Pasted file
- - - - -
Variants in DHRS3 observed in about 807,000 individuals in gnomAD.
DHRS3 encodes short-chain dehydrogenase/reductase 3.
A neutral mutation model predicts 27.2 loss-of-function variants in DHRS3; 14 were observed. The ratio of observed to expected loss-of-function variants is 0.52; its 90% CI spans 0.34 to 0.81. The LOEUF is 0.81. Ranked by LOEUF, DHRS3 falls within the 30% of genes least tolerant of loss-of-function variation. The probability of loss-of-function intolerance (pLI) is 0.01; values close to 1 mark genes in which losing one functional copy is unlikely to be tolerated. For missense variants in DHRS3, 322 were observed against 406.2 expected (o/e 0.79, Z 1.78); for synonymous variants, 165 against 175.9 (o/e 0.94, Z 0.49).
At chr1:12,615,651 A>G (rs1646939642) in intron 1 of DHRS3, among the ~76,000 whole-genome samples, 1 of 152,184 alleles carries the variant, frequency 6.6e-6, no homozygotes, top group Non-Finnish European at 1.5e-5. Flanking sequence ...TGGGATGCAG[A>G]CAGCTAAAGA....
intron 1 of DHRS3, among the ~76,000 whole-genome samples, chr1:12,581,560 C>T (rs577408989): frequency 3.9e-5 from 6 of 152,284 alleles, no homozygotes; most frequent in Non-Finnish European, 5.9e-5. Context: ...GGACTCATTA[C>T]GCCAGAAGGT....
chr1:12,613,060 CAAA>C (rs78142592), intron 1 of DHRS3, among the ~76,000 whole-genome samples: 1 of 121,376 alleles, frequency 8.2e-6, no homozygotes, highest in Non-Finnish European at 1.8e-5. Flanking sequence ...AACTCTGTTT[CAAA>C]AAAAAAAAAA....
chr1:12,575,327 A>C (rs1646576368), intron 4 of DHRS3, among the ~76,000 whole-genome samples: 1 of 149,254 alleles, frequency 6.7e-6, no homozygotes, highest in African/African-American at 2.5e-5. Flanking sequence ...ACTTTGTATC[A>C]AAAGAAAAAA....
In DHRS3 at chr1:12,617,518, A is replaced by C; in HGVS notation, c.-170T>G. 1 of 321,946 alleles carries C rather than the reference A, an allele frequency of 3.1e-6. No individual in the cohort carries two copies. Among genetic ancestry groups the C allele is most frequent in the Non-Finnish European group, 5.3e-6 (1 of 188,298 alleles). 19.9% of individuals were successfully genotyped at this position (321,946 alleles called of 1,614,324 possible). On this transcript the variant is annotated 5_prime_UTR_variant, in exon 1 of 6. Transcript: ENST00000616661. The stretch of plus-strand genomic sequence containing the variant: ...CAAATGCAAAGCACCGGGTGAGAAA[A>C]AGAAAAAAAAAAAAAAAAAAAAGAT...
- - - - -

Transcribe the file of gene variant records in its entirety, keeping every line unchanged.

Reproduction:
Variants in DHRS3 observed in about 807,000 individuals in gnomAD.
DHRS3 encodes short-chain dehydrogenase/reductase 3.
A neutral mutation model predicts 27.2 loss-of-function variants in DHRS3; 14 were observed. The ratio of observed to expected loss-of-function variants is 0.52; its 90% CI spans 0.34 to 0.81. The LOEUF is 0.81. Ranked by LOEUF, DHRS3 falls within the 30% of genes least tolerant of loss-of-function variation. The probability of loss-of-function intolerance (pLI) is 0.01; values close to 1 mark genes in which losing one functional copy is unlikely to be tolerated. For missense variants in DHRS3, 322 were observed against 406.2 expected (o/e 0.79, Z 1.78); for synonymous variants, 165 against 175.9 (o/e 0.94, Z 0.49).
At chr1:12,615,651 A>G (rs1646939642) in intron 1 of DHRS3, among the ~76,000 whole-genome samples, 1 of 152,184 alleles carries the variant, frequency 6.6e-6, no homozygotes, top group Non-Finnish European at 1.5e-5. Flanking sequence ...TGGGATGCAG[A>G]CAGCTAAAGA....
intron 1 of DHRS3, among the ~76,000 whole-genome samples, chr1:12,581,560 C>T (rs577408989): frequency 3.9e-5 from 6 of 152,284 alleles, no homozygotes; most frequent in Non-Finnish European, 5.9e-5. Context: ...GGACTCATTA[C>T]GCCAGAAGGT....
chr1:12,613,060 CAAA>C (rs78142592), intron 1 of DHRS3, among the ~76,000 whole-genome samples: 1 of 121,376 alleles, frequency 8.2e-6, no homozygotes, highest in Non-Finnish European at 1.8e-5. Flanking sequence ...AACTCTGTTT[CAAA>C]AAAAAAAAAA....
chr1:12,575,327 A>C (rs1646576368), intron 4 of DHRS3, among the ~76,000 whole-genome samples: 1 of 149,254 alleles, frequency 6.7e-6, no homozygotes, highest in African/African-American at 2.5e-5. Flanking sequence ...ACTTTGTATC[A>C]AAAGAAAAAA....
In DHRS3 at chr1:12,617,518, A is replaced by C; in HGVS notation, c.-170T>G. 1 of 321,946 alleles carries C rather than the reference A, an allele frequency of 3.1e-6. No individual in the cohort carries two copies. Among genetic ancestry groups the C allele is most frequent in the Non-Finnish European group, 5.3e-6 (1 of 188,298 alleles). 19.9% of individuals were successfully genotyped at this position (321,946 alleles called of 1,614,324 possible). On this transcript the variant is annotated 5_prime_UTR_variant, in exon 1 of 6. Transcript: ENST00000616661. The stretch of plus-strand genomic sequence containing the variant: ...CAAATGCAAAGCACCGGGTGAGAAA[A>C]AGAAAAAAAAAAAAAAAAAAAAGAT...